But deep deep down, past the doubt on the surface, I still have heart and I still have faith. Something has to work out. It has to. Every night I’m willing my self-conscious to reveal the way and make the answers clear. I just need to make a decision.

Silver linings — new perspectives.

So after waking up and having an amazing day, compared to the yesterday of crappiness… I realize that I need to change my perspective on auditioning. Despite being an actress, and despite having solid interview, presentation and public speaking skills, there have been numerous times where I have fell flat in the audition room. (Not as bad as yesterday’s incident though.)

Before, I used to think I needed more training, (which I always will) but I really just need more confidence and a change in perspective on auditions.

In the corporate world, I can interview my pants off for any marketing role I desire. I walk into every interview extremely confident in my expertise, knowing exactly what value I bring to any company, what I’m worth, and I view every interview as a mutual evaluation. So why the hell would my approach to auditions be any different? And why haven’t I connected the two sooner?! I’m baffled at why I haven’t transferred these skills over, until now.

From this day forward,  I am viewing each audition as a simple meet-and-greet. The part is already mine, and qualification is not a question, they just need to see me.  The only thing left is a merely a matter of is this the right fit? and do I want to collaborate with this particular production/project?

Boom. New perspective.

I already feel empowered.

Can you feel a brand new day?

Today was 10x better than yesterday’s bad day fluke.

Weather was amazing. Hair salon was speedy and efficient. Iced chai latte was on point. Chicken sandwich with fries from a random cafe was surprisingly delicious. Photoshoot was poppin. Call with my manager was extremely pleasant.  Test read for film pilot was promising. Cast was hilarious. Full moon was BEAUTIFUL. And bonus — good news came knockin. I booked another role for one of those murder mystery minidoc TV shows. The pay is horrendous, but hey, I’m not complaining. It’s an extra IMDb credit and more footage for the reel.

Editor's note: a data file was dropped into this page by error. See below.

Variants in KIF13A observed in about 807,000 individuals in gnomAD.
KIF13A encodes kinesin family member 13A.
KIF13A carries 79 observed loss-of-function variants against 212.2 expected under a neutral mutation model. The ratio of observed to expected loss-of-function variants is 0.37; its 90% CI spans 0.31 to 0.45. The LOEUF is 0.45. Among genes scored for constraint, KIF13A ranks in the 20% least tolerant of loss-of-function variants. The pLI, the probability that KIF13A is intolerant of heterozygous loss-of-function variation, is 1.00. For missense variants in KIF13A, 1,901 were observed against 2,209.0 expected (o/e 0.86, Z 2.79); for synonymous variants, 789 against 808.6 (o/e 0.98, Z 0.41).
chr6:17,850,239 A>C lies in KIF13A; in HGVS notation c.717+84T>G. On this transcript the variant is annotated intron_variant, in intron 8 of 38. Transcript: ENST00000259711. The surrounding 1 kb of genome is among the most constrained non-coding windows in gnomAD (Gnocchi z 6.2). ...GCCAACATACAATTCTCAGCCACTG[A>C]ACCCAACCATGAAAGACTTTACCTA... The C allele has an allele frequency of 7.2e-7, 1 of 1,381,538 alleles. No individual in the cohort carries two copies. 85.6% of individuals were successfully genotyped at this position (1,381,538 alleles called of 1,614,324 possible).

Film is a visual first.

Produced and starred in a short film this weekend. Nothing was riding on this film, it was just a great exercise to go out and create. Here are my takeaways:

  • Film is a visual first.
  • Pre-production/strategy is vital. STORYBOARD, create a film schedule, plan out your shots ahead of time to save time.
  • 48 hour creative competitions are a lot of work and a lot of stress.
  • However, do set deadlines so you can force yourself to get out of your head and create.
  • Start the editing process, EARLY.
  • Start the rendering process, EARLY. Earlier than you would expect.
  • Be picky about who you work with. Better crew, better vibes, better productivity, better outcome.
  • Smaller crew = better productivity
  • Things you should never skimp on: Talented acting, Hair/Makeup, Sound quality, Strong direction.
  • Compromise. You may not see the vision at first, but try to be open. Beautiful things can happen when you release control and let another person take the wheel.
  • Be flexible. Anything can change the day of the shoot. Revisit the root of the idea. There’s always another way to execute.
    • For example, the director had a great vision of a camera pan, but because it was a low-budget film, we definitely didn’t have a dolly. He ended putting two towels on the floor and used the towels to slide the tripod on the floor. You would have never known the difference in the finished film.

Lastly,

  • Married men who tempt you and conveniently leave out the fact that they have a WHOLE ASS WIFE, are the devil. lol.